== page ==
Really? How can systemd be sure that Apache has started completely and is ready to serve pages?
The answer is...exactly the same way every init script is "sure" that a service has started. It checks for the running instance, it checks PID, etc. But, unless it actually connects to the correct IP and port from a permitted IP and retrieves a web page that says something like "yeah, I'm running", systemd doesn't know.
I written service-monitoring scripts, and what systemd does isn't it, and is fundamentally no different from what is done by current init scripts. The difference is the current init scripts won't kill and restart Apache because they "think" something has gone wrong.
And that shows how little you know about init.
Init KNOWS/strong. when processes exit. In fact, the Unix process model is that there is ALWAYS a parent process (except for the first process, but that's usually treated as a special case in the kernel is the parent). In other words, it doesn't matter how you start programs, in the end, init, the first process, is the parent of all of them.
And parent processes get SIGCHLD whenever a child they spawned dies. In fact, init is the parent to all of them, so it knows exactly when a daemon dies. Especially if it spawned them.
Heck, init is called upon when there is no process waiting on a process because otherwise a dead process is still "alive" and has state the kernel is tracking (the exit code, namely). Init reaps such processes. (And perhaps you're familiar with "zombie process"? That's an unreaped process where the parent hasn't yet retrieved the exit code).
So no, systemd doesn't rely on PID files. It does note the PID of the service it started, and when the kernel notifies it that the process died, it can check to see what it should do - restart, log, alert, etc.
In fact, PID files can be trouble because PIDs are reused. Hopefully it takes a while and someone notices, but maybe not.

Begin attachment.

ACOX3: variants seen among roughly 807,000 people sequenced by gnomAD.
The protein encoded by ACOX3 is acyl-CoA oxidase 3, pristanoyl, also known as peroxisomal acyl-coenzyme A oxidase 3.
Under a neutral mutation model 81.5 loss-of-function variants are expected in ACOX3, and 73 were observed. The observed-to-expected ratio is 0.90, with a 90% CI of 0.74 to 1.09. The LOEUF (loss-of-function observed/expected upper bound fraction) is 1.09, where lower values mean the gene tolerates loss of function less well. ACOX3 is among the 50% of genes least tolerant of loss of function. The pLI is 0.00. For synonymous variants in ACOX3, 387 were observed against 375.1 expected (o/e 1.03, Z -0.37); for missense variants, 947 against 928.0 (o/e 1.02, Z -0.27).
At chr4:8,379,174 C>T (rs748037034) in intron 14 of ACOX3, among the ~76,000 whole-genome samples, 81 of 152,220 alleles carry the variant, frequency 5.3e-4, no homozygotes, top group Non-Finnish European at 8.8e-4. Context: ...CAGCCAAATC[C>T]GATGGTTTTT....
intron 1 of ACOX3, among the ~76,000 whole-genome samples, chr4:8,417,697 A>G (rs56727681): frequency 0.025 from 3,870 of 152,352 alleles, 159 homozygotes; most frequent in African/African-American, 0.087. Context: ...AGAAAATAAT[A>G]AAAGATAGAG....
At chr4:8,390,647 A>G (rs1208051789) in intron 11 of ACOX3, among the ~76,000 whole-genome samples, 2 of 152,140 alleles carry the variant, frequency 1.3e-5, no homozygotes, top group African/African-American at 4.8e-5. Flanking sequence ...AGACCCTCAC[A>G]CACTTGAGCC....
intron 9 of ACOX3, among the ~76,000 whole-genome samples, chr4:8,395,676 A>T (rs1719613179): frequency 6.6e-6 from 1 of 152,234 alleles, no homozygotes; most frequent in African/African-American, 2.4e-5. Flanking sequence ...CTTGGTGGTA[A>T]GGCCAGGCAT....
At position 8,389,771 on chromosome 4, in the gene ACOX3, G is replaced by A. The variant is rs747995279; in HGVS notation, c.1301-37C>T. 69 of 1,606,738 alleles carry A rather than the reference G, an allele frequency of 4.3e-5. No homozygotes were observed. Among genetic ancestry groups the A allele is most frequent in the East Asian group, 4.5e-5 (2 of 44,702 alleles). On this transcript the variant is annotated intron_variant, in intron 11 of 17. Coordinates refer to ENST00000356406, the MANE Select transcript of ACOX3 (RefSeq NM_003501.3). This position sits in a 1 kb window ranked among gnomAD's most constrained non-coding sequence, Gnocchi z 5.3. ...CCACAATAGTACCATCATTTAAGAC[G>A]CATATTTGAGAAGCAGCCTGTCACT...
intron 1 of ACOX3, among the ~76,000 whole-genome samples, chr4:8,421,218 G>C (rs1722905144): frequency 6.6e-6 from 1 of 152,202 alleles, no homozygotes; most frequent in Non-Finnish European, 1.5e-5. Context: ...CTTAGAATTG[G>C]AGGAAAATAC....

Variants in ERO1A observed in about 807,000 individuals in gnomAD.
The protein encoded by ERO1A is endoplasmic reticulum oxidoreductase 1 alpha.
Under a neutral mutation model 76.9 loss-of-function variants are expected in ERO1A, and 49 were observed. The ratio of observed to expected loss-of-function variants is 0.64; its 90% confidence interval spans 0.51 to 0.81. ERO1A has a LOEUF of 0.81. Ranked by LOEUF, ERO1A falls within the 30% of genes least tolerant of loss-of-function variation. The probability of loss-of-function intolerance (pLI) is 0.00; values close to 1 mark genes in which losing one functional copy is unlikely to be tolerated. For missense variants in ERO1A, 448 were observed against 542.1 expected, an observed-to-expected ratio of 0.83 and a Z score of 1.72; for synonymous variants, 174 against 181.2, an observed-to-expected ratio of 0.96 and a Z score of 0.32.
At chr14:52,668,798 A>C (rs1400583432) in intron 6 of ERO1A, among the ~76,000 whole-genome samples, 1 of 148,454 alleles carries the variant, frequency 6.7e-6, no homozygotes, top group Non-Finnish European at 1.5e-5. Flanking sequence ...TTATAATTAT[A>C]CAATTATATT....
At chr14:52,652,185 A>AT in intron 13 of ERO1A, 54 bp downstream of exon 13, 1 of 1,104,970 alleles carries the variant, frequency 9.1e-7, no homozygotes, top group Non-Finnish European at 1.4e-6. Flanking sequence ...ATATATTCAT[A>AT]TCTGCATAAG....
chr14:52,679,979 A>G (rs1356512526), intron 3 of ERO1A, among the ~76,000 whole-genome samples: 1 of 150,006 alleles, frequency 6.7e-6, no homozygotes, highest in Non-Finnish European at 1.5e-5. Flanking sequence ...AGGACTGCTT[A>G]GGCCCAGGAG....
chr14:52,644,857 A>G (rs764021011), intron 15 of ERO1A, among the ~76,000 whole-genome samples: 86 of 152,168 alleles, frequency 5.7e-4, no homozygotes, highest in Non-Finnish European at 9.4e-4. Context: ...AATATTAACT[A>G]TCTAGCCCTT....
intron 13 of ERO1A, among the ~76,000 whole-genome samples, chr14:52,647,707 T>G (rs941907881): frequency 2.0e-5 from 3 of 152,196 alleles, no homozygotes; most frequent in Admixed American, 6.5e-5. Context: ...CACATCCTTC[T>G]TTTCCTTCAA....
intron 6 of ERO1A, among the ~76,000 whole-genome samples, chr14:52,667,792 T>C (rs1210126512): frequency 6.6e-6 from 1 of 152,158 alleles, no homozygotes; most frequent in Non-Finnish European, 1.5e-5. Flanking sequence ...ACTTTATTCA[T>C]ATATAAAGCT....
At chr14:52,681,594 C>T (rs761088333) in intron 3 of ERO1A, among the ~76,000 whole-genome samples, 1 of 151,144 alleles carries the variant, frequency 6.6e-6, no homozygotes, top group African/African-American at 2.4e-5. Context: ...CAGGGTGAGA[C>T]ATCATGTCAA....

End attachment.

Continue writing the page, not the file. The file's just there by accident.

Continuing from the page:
So something like Apache? systemd would know when it dies and how to restart it. Heck, it even knows if it fails too quickly, it can suspend restarting for a few minutes!
Oh, wait, did you not notice that even regular SysVInit has that feature? Because guess what - SysVInit is a daemon manager as well! You normally know it to run "getty", but that's just another daemon. When getty dies, init restarts it so you can get your login prompt back. If something nasty happens and getty dies too often, init suspends restarting it. (And given init may spawn 5-6 instances of getty - it doesn't use PID files to track them, but its internal database it created from /etc/inittab to track which instance of getty belongs to which line).
Init is far better at managing processes than trying to manage PID files manually in scripts. Especially if the PID files get desynced and you're having to ps your way to figuring out how to get the daemon killed and restarted properly.
Init is a process manager, in the end. Sure it also handles starting up, shutting down and going between runlevels, but that's secondary to the fact that the kernel uses init for various functions in order to maintain the Unix way, and that is every process has a parent, and in the end, that parent can be init.